Pamflet Salon + Gizzi Erskine = FOOD FIGHT!

And so to Drink Shop & Do for the second Pamflet salon, this time with the theme ‘food fight!’. Phoebe began with a few words… “Food has an effect on all our senses, not just taste; and as well as triggering touch, smell, sight and sound, it triggers our memory and our emotions. We associate particular foods, dishes or meals with memories of people – our granny’s roast potatoes, our mum’s vegetable soup – and moments in time, particularly childhood, as well as places. We talk about comfort food and emotional eating, use it to celebrate and commiserate. (i always  associate sausage rolls with funerals.) we can bond over it, or judge each other on it (i always had weird things like Za’atar and kumradeen in my lunchbox, and only occasionally envied the other kids their plastic ham sandwiches.) but i think we tend to assume that women have a particularly emotional relationship with food, and that’s not necessarily the case – you only have to read Nigel Slater’s autobiography, Toast, to understand that men make deep emotional associations with cooking too.’

We then welcomed chef, food writer and stylist (and DJ!) Gizzi Erskine onto the stage (well, the stagey corner) and she talked us through two of her favourite recipes from her latest book, Gizzi’s Kitchen Magic (Virgin Books, 2010). Chicken in Weeds is a luscious-sounding supper based on a dish her mum used to make and her salted, rosemary-infused millionaire’s shortbread was described in such a mouth-watering fashion that every salonette present will be baking this weekend!

Gizzi’s philosophy is ‘everything in moderation’ and she is a passionate advocate for a variety of cuisines having worked the kitchen of St John and inspected the fridges of the noble British public (in Cook Yourself Thin), believing that we should allow food to be ‘an extension of our personalities’. She’s passionate about encouraging young women to cook and eat well and is spreading the word through her column in Company magazine and her regular appearances across the media. She’s got to be one of the hardest-working chefs on the scene so it’s not surprising that she can whip up her trademark beehive in under 5 minutes (it’s awesome in real life too!).  Gizzi’s own career has been hugely influenced by her family – she remembered the books on the shelves at home ranging from Larousse Gastronomique to The Pooh Corner Cook Book and her mum’s regular dinner parties with guests like Paul and Debbie Daniels (‘kitchen magic’?) made food lots of fun.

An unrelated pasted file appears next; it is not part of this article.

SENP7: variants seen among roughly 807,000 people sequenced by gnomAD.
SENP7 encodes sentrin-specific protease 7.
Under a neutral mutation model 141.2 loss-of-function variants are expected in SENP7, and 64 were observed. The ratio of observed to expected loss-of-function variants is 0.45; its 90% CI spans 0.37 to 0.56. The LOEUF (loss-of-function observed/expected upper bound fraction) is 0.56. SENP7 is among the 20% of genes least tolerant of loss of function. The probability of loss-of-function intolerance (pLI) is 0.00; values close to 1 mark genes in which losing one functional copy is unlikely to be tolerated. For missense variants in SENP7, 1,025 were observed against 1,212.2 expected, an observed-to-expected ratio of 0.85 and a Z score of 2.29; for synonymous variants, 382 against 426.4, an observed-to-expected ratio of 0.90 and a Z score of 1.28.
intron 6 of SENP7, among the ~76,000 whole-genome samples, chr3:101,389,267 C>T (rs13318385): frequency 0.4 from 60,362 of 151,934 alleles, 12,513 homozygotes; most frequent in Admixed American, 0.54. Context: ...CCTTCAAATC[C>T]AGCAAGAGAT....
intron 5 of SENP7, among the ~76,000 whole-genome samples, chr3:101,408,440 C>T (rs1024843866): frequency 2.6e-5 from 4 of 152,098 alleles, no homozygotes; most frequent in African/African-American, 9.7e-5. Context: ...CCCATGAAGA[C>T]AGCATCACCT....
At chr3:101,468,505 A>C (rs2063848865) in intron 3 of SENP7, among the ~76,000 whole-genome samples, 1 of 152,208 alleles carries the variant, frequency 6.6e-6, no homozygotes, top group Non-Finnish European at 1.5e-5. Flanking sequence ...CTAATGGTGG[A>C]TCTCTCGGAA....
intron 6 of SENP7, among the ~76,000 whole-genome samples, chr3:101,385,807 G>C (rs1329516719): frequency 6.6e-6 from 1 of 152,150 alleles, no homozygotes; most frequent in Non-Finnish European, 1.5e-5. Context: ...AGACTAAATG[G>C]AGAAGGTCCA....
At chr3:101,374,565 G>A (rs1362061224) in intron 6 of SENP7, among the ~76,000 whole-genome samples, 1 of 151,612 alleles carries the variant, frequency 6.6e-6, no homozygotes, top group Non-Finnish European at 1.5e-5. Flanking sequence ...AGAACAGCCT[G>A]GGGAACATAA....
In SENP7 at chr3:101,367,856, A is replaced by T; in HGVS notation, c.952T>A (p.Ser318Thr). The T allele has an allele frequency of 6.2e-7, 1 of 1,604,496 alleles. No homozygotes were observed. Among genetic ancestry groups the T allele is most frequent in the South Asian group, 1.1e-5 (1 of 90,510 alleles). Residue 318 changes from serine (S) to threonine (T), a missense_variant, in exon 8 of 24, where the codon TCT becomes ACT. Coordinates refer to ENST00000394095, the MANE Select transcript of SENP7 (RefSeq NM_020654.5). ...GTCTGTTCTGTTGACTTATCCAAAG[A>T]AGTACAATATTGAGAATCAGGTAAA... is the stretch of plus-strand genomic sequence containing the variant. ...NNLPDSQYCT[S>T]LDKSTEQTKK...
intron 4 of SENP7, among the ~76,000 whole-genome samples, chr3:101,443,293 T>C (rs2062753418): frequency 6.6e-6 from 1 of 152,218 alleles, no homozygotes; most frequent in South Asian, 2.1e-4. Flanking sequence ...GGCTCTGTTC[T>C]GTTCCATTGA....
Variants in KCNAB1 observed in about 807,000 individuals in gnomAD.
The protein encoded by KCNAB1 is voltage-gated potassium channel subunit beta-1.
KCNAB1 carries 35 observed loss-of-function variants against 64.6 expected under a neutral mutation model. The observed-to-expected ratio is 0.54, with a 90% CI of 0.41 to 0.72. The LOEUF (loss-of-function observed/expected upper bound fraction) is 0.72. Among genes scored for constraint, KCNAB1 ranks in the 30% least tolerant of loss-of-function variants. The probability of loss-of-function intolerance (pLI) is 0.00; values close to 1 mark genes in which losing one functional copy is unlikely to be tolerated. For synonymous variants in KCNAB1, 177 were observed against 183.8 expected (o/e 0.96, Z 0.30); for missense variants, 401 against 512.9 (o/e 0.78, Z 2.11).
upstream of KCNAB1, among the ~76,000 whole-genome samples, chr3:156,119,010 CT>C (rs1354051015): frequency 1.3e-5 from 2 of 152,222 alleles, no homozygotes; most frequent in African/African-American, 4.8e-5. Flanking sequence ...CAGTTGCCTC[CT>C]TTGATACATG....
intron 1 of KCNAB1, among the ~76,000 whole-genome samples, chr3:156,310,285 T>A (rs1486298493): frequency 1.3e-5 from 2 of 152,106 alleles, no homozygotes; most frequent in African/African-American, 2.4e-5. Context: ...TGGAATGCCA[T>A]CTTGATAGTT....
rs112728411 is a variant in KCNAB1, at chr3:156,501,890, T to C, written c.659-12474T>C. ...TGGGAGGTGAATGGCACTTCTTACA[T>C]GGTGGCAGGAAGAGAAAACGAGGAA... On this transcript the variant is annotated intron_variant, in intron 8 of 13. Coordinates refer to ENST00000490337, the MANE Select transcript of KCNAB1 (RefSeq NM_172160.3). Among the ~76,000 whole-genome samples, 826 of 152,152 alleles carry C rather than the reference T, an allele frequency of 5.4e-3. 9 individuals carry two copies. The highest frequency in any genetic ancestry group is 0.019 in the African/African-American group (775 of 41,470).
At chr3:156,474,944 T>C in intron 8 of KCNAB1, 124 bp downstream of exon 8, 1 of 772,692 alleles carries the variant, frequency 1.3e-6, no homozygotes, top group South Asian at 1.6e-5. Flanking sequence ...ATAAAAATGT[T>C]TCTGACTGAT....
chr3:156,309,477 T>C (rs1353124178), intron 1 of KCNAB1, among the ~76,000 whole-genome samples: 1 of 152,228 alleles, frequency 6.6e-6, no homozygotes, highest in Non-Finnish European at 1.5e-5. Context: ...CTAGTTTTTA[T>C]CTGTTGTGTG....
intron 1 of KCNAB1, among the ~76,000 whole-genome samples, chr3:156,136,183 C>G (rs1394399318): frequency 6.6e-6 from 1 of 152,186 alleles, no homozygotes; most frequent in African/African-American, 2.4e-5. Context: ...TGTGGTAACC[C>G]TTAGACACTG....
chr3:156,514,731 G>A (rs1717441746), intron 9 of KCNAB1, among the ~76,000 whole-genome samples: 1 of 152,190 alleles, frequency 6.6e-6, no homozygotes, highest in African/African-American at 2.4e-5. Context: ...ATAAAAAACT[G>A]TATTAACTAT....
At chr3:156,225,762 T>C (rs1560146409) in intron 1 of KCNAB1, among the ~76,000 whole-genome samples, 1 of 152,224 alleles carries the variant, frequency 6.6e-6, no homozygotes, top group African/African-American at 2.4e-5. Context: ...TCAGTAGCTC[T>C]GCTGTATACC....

We couldn’t have a visit from the uniquely chic and elegant Ms Erskine and not ask her about her style background and she talked to us through discovering indie via her beloved older sister’s Cure cassette aged 8 and then her various dalliances with punk and psychobilly in her teens, trying out  some serious hair experiments along the way! Right now she’s into retro-glam 60s style, wearing vintage shift dresses and swing coats and regularly selling pieces on eBay because there’s not enough room in the flat she shares with her boyfriend to keep them all. Music, then, has been much more of a style-inspiration than what’s in fashion or who she ‘should’ be wearing on the red carpet, and that’s another reason why she’s such a brilliantly unique, uncompromising woman to see in the public eye. If you don’t already have her book, we can’t recommend it highly enough.

For the second half of the evening we discussed Margaret Atwood’s groundbreaking debut novel The Edible Woman (first published in 1969 and written when she was in her early 20s) featuring Marian, a heroine with a rather complicated relationship with food (and her boyfriends). The Edible Woman‘s not Atwood’s Great Novel, but it’s an eyeopening snapshot of an age we’re all obsessed with – the early 60s when women were on the brink of a revolution but were still stuck.

Thanks as always to the gang at Drink, Shop & Do for being such wonderful hosts, Virago Books for providing the lucky salonettes with copies of The Edible Woman, Wild About Flowers for a stunning bouquet for Gizzi and, of course, Gizzi herself for being such a fascinating and stylish special guest. *hearts*

Photos courtesy of

The following two tabs change content below.



"Vogue loves...Indie mags: Hogarthian graphics and modern feminism from Pamflet"

"It makes me feel less despair to know that somewhere deep inside the Jordanization of modern Britain there are still a few angry feminists out there." Zadie Smith

"Pamflet is the photocopy-quality soapbox for two young, sarky post-feminists from London who want women’s rights and the right to wear pretty things, and want it, like, yesterday." Sunday Times Style

"They’re funny and honest and write about fashion with feminism so I’m obviously all over it." Tavi